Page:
Excerpts from Jim Conrad's
from the October 6, 2013 Newsletter issued from the Frio Canyon Nature Education Center in the valley of the Dry Frio River in northern Uvalde County, southwestern Texas, on the southern border of the Edwards Plateau, USA
As with the Leatherstem, farther west in and around the Chihuahuan Desert, one of the most abundant and easy-to-identify cacti is a slender-stemmed, bushy one that usually grows knee to waist high, and nowadays bears large number of red, mothball-size fruits. A small section of one forming a bathtub-size tangle atop a hill a few miles south of Juniper House is shown above. A shot giving a better idea of the cylindrical stems' size appears below:
Note that this species bears no large spines. However, the close-up of fruits below shows that the cactus can produce dense clusters of tiny, very slender and sharp spines called glochids, which easily stick into your skin with the merest of touches:
This is CYLINDROPUNTIA LEPTOCAULIS, variously called Tasajillo, Christmas Cactus, Desert Christmas Cactus, Christmas Cholla and Pencil Cactus. Probably most books list it as Christmas Cactus, but another species with flat stems is much sold under that name during the holidays.
Tasajillo occupies a wide variety of arid habitats throughout most of the northern half of Mexico, and extends in the US from southern California to southwestern Oklahoma and eastern Texas.
Several sources describe Tasajillo fruits as edible, including one webpage saying that indigenous Americans made jam from them. However, the berry-type fruits are so small and bear so many finger-sticking glochids that it's hard to imagine anyone eating many. My Mexican friends showed me how to beat cactus fruits with soft-leafed weeds to remove glochids, so maybe if you can develop a technique like that it might work.
One important service contributed by Tasajillo is that its interconnecting branches can form impenetrable tangles providing refuge and nesting sites for small animals such Cactus Wrens. And somehow deer, quail, wild turkey and many other small critters feast on the berries, glochids or no.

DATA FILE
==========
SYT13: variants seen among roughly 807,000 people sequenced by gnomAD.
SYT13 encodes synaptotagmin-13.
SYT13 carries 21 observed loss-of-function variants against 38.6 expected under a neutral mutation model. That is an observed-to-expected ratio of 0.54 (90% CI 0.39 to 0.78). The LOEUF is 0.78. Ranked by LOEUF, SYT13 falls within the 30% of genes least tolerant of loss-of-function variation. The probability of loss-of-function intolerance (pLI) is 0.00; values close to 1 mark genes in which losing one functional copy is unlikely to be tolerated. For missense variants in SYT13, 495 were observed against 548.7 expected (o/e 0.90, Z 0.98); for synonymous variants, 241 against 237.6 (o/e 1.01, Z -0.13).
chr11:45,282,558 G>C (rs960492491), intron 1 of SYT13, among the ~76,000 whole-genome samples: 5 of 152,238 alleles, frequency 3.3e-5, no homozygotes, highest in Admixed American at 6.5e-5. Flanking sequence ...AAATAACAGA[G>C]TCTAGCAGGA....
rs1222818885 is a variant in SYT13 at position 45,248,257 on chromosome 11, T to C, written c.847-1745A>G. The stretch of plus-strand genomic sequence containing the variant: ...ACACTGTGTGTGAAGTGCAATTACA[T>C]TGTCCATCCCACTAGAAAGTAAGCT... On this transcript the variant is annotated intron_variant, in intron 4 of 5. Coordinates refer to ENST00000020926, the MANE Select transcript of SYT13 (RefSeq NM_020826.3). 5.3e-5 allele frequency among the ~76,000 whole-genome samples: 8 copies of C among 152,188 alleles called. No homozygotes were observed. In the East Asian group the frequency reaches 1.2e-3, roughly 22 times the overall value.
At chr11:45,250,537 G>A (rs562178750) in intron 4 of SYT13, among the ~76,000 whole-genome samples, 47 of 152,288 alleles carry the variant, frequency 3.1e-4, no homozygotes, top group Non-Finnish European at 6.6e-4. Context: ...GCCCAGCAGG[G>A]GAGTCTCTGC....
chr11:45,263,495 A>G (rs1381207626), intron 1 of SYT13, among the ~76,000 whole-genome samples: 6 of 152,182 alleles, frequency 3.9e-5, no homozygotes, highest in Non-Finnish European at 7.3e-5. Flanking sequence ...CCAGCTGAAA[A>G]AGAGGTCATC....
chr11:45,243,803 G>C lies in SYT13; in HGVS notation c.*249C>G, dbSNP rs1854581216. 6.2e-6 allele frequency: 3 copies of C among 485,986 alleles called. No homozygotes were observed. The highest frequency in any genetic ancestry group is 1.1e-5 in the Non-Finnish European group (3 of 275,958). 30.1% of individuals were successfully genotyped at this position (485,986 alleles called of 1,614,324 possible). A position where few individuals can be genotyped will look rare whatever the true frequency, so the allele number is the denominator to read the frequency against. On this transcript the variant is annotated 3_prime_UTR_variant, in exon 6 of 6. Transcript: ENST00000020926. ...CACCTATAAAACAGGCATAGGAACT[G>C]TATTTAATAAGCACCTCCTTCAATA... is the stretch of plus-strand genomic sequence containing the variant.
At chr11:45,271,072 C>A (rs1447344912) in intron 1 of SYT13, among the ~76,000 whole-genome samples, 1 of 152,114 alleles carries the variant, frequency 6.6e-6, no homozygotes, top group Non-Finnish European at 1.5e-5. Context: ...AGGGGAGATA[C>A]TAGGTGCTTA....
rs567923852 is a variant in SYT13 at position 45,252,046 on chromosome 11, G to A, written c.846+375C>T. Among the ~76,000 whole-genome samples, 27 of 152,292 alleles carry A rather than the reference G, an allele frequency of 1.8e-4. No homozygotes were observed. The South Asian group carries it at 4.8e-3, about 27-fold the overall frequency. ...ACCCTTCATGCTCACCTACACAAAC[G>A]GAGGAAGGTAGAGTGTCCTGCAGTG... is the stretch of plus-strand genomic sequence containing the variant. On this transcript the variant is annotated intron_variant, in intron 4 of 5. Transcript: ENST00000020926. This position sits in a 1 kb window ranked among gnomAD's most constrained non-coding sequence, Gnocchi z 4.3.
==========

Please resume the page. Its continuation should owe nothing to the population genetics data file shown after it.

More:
Nowadays as cities in arid areas try to convince people to abandon grassy lawns, Tasajillo is becoming an important candidate for xeriscaping, especially because with its green stems and red fruits it stands out so prettily amidst otherwise bleak winter vegetation.
from the February 23, 2007 Newsletter issued from Sierra
Gorda Biosphere Reserve, QUERÉTARO, MÉXICO
ATTACKED BY A CHRISTMAS CACTUS
Wandering through the scrub, an odd sensation on the back of my right leg caught my attention. It was as if suddenly I'd developed some flab there and my walking was causing the flab to flop back and forth. I twisted around and looked down at the back of my leg and saw the heart-palpitating sight you can behold yourself below:
That picture shows four stem sections of a Christmas Cactus, CYLINDROPUNTIA LEPTOCAULIS, adhering to my body by their spines, one stuck to the shorts' pocket in which I carry my old birding field-guide, the other three very securely attached to the skin on the back of my leg. I can't account for my having been able to feel the cactus sections swinging back and forth, but not the spines stuck into my flesh. Well, you can see from my red, scratched and dirty legs that they'd been through a bit scrambling about the arroyos, so maybe they were just beyond feeling sharp sensations. However, when I extracted the spines -- and each section was attached by two or more well anchored ones -- I certainly felt that!
I backtracked and photographed what may have been my five-ft-tall, much branched donor cactus, and you can see that below:
I can hear some folks shaking their heads now saying that what's shown in that picture doesn't look anything like a Christmas Cactus, thinking that a Christmas Cactus is one of those benign little flat-stemmed cacti sold in pots, and which produce pretty, red flowers around Christmas time. Well, several cacti go by the name of Christmas Cactus and this is one of them. But neither does the plant in my picture look very Christmassy. I've seen the species when it did, however -- when it was fruiting. The fruits are bright red, so on green stems they can look as Christmassy as anything. Sometimes English speakers also call this cactus by one of its Spanish names, Tasajillo.
This is a common cactus extending from our northern Mexican uplands into Arizona, New Mexico, Texas and even Oklahoma. At the base of its spines appear dense tufts of very fine, sharp glochids, which I've told you enough about, and I got plenty of those while unsticking myself from the joints on the back of my leg.